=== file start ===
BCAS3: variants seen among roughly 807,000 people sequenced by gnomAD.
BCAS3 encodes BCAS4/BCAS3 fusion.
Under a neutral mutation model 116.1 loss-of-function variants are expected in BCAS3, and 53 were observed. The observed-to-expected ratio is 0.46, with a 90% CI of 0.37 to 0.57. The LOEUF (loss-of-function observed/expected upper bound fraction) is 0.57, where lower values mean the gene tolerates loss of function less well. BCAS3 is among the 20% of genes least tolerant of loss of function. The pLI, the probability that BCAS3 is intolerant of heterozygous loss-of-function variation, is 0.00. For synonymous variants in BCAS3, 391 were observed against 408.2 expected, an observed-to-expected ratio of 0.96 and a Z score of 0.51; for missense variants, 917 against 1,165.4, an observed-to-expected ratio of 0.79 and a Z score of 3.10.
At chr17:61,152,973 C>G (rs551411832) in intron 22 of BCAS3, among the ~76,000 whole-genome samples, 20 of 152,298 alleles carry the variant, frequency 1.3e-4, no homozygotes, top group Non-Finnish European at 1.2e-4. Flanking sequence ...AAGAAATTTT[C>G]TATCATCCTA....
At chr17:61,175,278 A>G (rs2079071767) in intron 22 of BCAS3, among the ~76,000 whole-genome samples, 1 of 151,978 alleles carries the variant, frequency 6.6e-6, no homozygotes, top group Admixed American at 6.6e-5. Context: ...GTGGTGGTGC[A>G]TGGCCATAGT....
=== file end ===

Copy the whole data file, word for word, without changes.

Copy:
BCAS3: variants seen among roughly 807,000 people sequenced by gnomAD.
BCAS3 encodes BCAS4/BCAS3 fusion.
Under a neutral mutation model 116.1 loss-of-function variants are expected in BCAS3, and 53 were observed. The observed-to-expected ratio is 0.46, with a 90% CI of 0.37 to 0.57. The LOEUF (loss-of-function observed/expected upper bound fraction) is 0.57, where lower values mean the gene tolerates loss of function less well. BCAS3 is among the 20% of genes least tolerant of loss of function. The pLI, the probability that BCAS3 is intolerant of heterozygous loss-of-function variation, is 0.00. For synonymous variants in BCAS3, 391 were observed against 408.2 expected, an observed-to-expected ratio of 0.96 and a Z score of 0.51; for missense variants, 917 against 1,165.4, an observed-to-expected ratio of 0.79 and a Z score of 3.10.
At chr17:61,152,973 C>G (rs551411832) in intron 22 of BCAS3, among the ~76,000 whole-genome samples, 20 of 152,298 alleles carry the variant, frequency 1.3e-4, no homozygotes, top group Non-Finnish European at 1.2e-4. Flanking sequence ...AAGAAATTTT[C>G]TATCATCCTA....
At chr17:61,175,278 A>G (rs2079071767) in intron 22 of BCAS3, among the ~76,000 whole-genome samples, 1 of 151,978 alleles carries the variant, frequency 6.6e-6, no homozygotes, top group Admixed American at 6.6e-5. Context: ...GTGGTGGTGC[A>G]TGGCCATAGT....